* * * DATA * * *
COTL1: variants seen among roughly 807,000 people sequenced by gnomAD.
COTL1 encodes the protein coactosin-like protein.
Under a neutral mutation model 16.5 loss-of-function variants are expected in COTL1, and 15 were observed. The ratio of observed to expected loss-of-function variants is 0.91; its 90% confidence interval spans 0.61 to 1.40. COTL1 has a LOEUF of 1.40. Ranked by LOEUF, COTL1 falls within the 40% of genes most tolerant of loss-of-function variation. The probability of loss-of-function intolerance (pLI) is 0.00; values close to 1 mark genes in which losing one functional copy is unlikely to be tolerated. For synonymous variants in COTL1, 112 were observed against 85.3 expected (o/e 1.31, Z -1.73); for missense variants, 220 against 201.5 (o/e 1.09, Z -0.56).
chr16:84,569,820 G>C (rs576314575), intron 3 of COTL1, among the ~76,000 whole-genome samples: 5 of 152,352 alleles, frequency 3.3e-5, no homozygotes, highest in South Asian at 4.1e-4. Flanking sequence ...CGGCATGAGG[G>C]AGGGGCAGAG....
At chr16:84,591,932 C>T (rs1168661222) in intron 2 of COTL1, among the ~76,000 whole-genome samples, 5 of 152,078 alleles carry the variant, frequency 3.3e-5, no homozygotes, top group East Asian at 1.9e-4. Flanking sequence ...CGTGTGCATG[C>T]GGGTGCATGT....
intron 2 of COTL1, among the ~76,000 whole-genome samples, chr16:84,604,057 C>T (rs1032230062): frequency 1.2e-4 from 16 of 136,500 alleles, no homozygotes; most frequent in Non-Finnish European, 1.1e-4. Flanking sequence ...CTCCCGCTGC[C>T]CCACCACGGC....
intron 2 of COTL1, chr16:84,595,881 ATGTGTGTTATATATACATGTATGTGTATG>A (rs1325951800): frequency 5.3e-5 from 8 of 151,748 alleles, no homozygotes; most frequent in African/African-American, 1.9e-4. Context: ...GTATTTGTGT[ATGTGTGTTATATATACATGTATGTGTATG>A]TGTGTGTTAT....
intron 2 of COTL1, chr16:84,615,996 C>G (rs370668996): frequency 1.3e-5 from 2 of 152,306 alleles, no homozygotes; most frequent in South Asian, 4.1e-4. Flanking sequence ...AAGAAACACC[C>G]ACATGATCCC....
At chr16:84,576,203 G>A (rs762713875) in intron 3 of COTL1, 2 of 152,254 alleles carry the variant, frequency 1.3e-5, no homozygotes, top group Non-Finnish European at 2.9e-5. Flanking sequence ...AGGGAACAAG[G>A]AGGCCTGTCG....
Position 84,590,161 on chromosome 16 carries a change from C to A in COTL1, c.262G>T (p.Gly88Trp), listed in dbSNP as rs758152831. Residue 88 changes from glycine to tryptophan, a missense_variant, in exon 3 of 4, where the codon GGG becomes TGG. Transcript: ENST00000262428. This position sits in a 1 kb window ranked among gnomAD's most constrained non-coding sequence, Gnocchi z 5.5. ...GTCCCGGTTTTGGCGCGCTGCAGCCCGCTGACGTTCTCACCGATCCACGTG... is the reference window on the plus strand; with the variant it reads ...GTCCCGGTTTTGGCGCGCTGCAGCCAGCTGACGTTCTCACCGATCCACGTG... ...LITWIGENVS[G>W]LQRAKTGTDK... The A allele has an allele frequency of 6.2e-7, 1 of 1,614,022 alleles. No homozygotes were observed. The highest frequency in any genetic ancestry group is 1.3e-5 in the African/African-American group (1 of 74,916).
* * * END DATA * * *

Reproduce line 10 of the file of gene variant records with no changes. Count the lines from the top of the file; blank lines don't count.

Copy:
Position 84,590,161 on chromosome 16 carries a change from C to A in COTL1, c.262G>T (p.Gly88Trp), listed in dbSNP as rs758152831. Residue 88 changes from glycine to tryptophan, a missense_variant, in exon 3 of 4, where the codon GGG becomes TGG. Transcript: ENST00000262428. This position sits in a 1 kb window ranked among gnomAD's most constrained non-coding sequence, Gnocchi z 5.5. ...GTCCCGGTTTTGGCGCGCTGCAGCCCGCTGACGTTCTCACCGATCCACGTG... is the reference window on the plus strand; with the variant it reads ...GTCCCGGTTTTGGCGCGCTGCAGCCAGCTGACGTTCTCACCGATCCACGTG... ...LITWIGENVS[G>W]LQRAKTGTDK... The A allele has an allele frequency of 6.2e-7, 1 of 1,614,022 alleles. No homozygotes were observed. The highest frequency in any genetic ancestry group is 1.3e-5 in the African/African-American group (1 of 74,916).